Just for starters: an economic boycott, a tax boycott, a fossil fuel boycott, a media boycott, (what about some girlcotts?)….

    Peace, thanks to all who really care about these matters and who share thoughts.

  7. June said on October 28th, 2008 at 11:40am #

    Boycotting the election only concedes the election to the duopoly ruling party. I’ll personally be voting for Bob Barr but I think the most important thing to do is vote for some third party candidate. This is the only kind of boycott that can be counted. Not voting can always be written off as apathy and will not inspire the ruling party to change anything.

  8. RockTheVote said on October 28th, 2008 at 12:12pm #

    You can make your point better by intelligently lobbying for election reform between major elections–otherwise you become another part of the problem…complacency.


  9. Max Shields said on October 28th, 2008 at 12:45pm #

    corylus, I agree with what you’ve written, and am following a similar path of reasoning for similar reasons.

    Building a new instititution is a tricky matter. I want Ralph (or Cynthia) to get the most votes possible – as huge as we can muster. I want the protest – in terms of voting – to be loud and unequivocal.

    But our problems are truly systemic, and confronting the power structure will not change it. The power structure will do whatever it takes to survive and if that means mimicing or coopting it will do it, just so long as it never becomes the change (to do so would be to turnover its power).

    Language does fail us. To use words like “movement” or “progressive” or “leftist” or “transformation” seems to be reaching for a lexicon which has yet to prove itself adequate to the challenge of the kind of change we deeply need and yet has seemed allusive. It has only been a very short while that this empire has existed, but has existed all of our lives; and therefore it is all we really know of the world – vis a vis the rest of the world. Imagining a new world which is not based on this one is extremely difficult – dare I say impossible.

    It could be concluded that while we should make our choices, raise our voices in protest, vote for Nader, by god, or McKinney! knowing there is no simple roadmap to where we want to go. We can play with the pieces before us but they seem to limit us to a reconfiguration of what we have.

    A collapse, fresh new beginning? Perhaps….

  10. gliscameria said on October 28th, 2008 at 3:17pm #

    This is the dumbest thing I’ve ever read on this site.

  11. AahBach said on October 28th, 2008 at 4:02pm #

    At this point, our vote is all we have. The mainstream candidates would only be too happy if you were to “protest” by not voting. It says absolutely nothing. We send a stronger message by voting for anyone but the “two” main parties. My vote goes to Nader, but I’d also applaud anyone voting for Cynthia, Bob, Ron or any 3rd party candidate, and I’d welcome disagreements and dinner table arguments with such people, because I’d know they’ve voted with their conscience.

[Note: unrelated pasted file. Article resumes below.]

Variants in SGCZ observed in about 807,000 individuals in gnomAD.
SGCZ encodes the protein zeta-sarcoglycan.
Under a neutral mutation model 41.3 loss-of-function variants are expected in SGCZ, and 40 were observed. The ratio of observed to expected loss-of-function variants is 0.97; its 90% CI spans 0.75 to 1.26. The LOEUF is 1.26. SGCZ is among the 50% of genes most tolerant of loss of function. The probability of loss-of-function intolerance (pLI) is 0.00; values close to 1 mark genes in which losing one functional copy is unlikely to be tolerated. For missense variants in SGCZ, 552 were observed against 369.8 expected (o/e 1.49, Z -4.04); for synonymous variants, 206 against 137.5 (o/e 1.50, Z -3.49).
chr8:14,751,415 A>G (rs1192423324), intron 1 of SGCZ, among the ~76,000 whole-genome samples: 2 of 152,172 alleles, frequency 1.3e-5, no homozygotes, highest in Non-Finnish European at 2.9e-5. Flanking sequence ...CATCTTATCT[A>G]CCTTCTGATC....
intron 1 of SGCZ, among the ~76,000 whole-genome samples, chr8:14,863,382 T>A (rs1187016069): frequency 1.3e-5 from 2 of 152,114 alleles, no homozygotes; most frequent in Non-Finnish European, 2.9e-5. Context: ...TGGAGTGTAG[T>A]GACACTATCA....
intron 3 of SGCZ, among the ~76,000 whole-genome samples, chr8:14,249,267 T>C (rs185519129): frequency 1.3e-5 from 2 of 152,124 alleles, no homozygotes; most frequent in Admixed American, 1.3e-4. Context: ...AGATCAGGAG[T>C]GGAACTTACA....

12. Giorgio said on October 28th, 2008 at 5:56pm #

    High Time to Boycott Elections?
    Then join Ron Paul’s http://www.campaignforliberty.com !!!!
    There is in it now an interesting Lew Rockwell interview with Ron Paul.
    And also a video talk by Ed Griffin titled ” The Creature from Jekyll Island” on the Federal Reserve Bank which was to me an eye-opener. It’s well worth the time spent listening to it. It shows quite clearly how these Machiavellian banksters plotted and succeeded to make the US Congress approve the creation of the Bank. To me this was the greatest and deepest stab in the back on the gullible American people, EVER !
    It lies at the heart of the wars, economic disasters that followed and now we are again on the brink of plunging into another HELL. I didn’t sleep for hours after this. Then, and only then, I realised the full impact and the sinister meaning of Mayer Rothschild’s famous statement:

    GIVE ME CONTROL of a Nation’s Money Supply and
    I CARE NOT who makes its LAWS !

    Finally, this excerpt from an article titled ” The History of the House of Rothschild” by Bradford Smith makes these banksters’ devilish schemes abundantly clear:

    In 1811, The charter for the Rothschilds Bank of the United States runs out and Congress votes against its renewal. At the time Andrew Jackson (who would become the 7th President of the United States from 1829 to 1837) says, “If Congress has a right under the Constitution to issue paper money, it was given them to use by themselves, not to be delegated to individuals or corporations.”

    Nathan Mayer Rothschild is not amused and he stated, “Either the application for renewal of the charter is granted, or the United States will find itself involved in a most disastrous war.”

    Andrew Jackson’s response to this is to say, “You are a den of thieves vipers, and I intend to rout you out, and by the Eternal God, I will rout you out.”

    Nathan Mayer Rothschild’s reply to that being, “Teach those impudent Americans a lesson. Bring them back to colonial status.”

    1812: Backed by Rothschild money, the British declare war on the United States. The Rothschilds plan was to cause the United States to build up such a debt in fighting this war that they would have to surrender to the Rothschilds and allow the charter for the Rothschild owned Bank of the United States to be renewed.

    NOW, if this is not a real eye-opener to the
    YOU tell me, dear DV readers, what is ???!!!

  13. Tree said on October 28th, 2008 at 5:59pm #